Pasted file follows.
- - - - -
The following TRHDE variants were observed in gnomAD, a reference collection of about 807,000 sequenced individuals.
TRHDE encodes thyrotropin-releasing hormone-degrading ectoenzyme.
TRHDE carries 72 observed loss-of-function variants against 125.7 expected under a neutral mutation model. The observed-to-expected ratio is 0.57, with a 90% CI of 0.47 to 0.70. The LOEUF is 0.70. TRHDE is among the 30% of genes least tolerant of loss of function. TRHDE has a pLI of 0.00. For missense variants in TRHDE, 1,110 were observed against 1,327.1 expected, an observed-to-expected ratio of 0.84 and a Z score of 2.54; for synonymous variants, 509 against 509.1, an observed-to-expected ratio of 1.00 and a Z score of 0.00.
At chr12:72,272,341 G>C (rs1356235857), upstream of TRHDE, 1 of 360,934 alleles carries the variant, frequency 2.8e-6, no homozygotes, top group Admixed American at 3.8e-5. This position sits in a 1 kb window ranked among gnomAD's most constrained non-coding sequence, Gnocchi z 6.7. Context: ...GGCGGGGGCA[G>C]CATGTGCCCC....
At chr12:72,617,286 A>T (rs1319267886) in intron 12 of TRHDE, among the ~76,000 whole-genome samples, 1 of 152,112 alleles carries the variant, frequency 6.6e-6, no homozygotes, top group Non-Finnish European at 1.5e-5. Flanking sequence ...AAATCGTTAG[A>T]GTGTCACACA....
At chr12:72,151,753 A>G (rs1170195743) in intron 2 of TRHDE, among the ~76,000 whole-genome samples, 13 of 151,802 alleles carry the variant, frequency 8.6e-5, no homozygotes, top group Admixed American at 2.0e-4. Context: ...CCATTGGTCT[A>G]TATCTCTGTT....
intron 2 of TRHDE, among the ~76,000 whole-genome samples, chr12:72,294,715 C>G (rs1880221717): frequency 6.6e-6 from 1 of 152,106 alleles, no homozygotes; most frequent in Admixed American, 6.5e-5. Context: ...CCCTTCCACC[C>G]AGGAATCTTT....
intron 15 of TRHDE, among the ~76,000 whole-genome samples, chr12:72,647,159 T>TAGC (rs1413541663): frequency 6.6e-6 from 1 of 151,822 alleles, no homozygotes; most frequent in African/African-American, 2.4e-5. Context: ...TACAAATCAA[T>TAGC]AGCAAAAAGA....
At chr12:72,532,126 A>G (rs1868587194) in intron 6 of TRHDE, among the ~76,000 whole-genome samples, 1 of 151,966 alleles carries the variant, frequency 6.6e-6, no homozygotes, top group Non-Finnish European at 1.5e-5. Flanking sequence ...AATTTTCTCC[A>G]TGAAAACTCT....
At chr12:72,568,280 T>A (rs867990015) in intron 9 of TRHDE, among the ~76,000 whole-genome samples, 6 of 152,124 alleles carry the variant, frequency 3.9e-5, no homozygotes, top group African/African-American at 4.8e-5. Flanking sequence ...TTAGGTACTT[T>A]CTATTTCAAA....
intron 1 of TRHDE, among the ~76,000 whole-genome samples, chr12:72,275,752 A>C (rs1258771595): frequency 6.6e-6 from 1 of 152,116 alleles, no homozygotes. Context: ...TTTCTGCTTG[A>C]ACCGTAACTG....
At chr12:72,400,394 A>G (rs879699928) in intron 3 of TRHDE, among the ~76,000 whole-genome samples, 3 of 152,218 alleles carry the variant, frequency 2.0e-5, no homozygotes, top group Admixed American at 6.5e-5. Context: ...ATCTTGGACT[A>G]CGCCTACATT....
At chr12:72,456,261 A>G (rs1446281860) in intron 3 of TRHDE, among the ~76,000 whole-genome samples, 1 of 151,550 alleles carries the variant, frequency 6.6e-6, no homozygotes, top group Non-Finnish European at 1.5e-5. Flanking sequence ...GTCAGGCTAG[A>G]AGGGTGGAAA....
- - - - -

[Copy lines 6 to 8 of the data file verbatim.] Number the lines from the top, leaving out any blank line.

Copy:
At chr12:72,151,753 A>G (rs1170195743) in intron 2 of TRHDE, among the ~76,000 whole-genome samples, 13 of 151,802 alleles carry the variant, frequency 8.6e-5, no homozygotes, top group Admixed American at 2.0e-4. Context: ...CCATTGGTCT[A>G]TATCTCTGTT....
intron 2 of TRHDE, among the ~76,000 whole-genome samples, chr12:72,294,715 C>G (rs1880221717): frequency 6.6e-6 from 1 of 152,106 alleles, no homozygotes; most frequent in Admixed American, 6.5e-5. Context: ...CCCTTCCACC[C>G]AGGAATCTTT....
intron 15 of TRHDE, among the ~76,000 whole-genome samples, chr12:72,647,159 T>TAGC (rs1413541663): frequency 6.6e-6 from 1 of 151,822 alleles, no homozygotes; most frequent in African/African-American, 2.4e-5. Context: ...TACAAATCAA[T>TAGC]AGCAAAAAGA....